The Mandell family photographed in their home in Tekoa several months after Koby’s murder.
(photo credit: ARIEL JEROZOLIMSKI)
In an effort to help other bereaved families not only to cope but to resume leading a fulfilling and meaningful life, Sherri Mandell, whose 13-year-old son Koby and his friend Yosef Ish-Ran were brutally murdered by Palestinian terrorists in May 2001, has authored an inspiring book on Jewish spiritual resilience based on her own intense struggle.
Since losing their beloved child, Sherri and her husband, Rabbi Seth Mandell, created the Koby Mandell Foundation, which runs – among several other therapeutic programs – a sleepaway summer camp for bereaved children. Over 6,000 children have benefited from Camp Koby.
The Mandells are involved in other initiatives as well, including lecturing around the world in order to help others.
“In our transformation from mourners to activists, my husband and I have learned the art of Jewish resilience,” she states.
A pastoral counselor and award-winning writer, Mandell – author of The Blessing of a Broken Heart,
which was translated into three languages and adapted as a stage play – offers advice and insight to those who may wonder how they could ever survive unspeakable tragedy.
There is no better candidate to write such a book. Coming from anyone else, it might infuriate grief-stricken readers to be told that they could become their “fullest and deepest selves as a result of adversity,” or that “after the fear and trauma, know that, in the darkness, you will encounter sparks of beauty.” But not when the message is from a mother who has suffered a parent’s worst nightmare.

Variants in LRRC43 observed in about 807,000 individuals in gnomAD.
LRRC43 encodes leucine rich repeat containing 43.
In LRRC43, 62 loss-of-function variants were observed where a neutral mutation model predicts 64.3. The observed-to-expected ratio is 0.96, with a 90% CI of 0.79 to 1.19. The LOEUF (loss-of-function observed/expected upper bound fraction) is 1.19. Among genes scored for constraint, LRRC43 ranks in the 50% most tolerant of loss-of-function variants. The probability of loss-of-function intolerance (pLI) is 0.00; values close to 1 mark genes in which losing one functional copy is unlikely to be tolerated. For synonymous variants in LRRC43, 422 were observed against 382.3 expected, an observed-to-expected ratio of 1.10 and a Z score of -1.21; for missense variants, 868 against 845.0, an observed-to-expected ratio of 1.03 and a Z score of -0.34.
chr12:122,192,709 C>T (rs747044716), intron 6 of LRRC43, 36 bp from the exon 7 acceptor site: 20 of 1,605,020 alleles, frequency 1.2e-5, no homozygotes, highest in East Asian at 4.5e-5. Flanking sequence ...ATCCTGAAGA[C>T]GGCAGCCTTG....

Indeed, Mandell concedes that despite her spiritual growth and renewed purpose, she would have “prefer[red] to be a more relaxed superficial person with my son alive than be imbued with a profound sense of mission.”
Having navigated what she calls the “seven C’s – chaos, community, choice, creativity, commemoration, consecration and celebration” – Mandell has learned not only to survive but also to thrive as well as to eternalize her son’s memory through meaningful contributions to society.
She has “struggled to find resilience for the last 13 years, clawing and elbowing and climbing my way out of the pit of despair and sadness,” and her only purpose in writing this book is to encourage others who are also struggling.
As she explains, the book was written not only for the bereaved but for anyone suffering trauma. It seems, however, that even those who have been fortunate not to have experienced such intensely painful challenges could also benefit from reading it, in order to appreciate the value of community, to become more sensitive to others and, perhaps, to learn what to say – actually, what not to say – to a person in distress.
“Resilience isn’t an attitude,” Mandell states. “It’s a process.” Certainly, it’s a long and agonizing process. Reading The Road to Resilience
, however, should help along the way.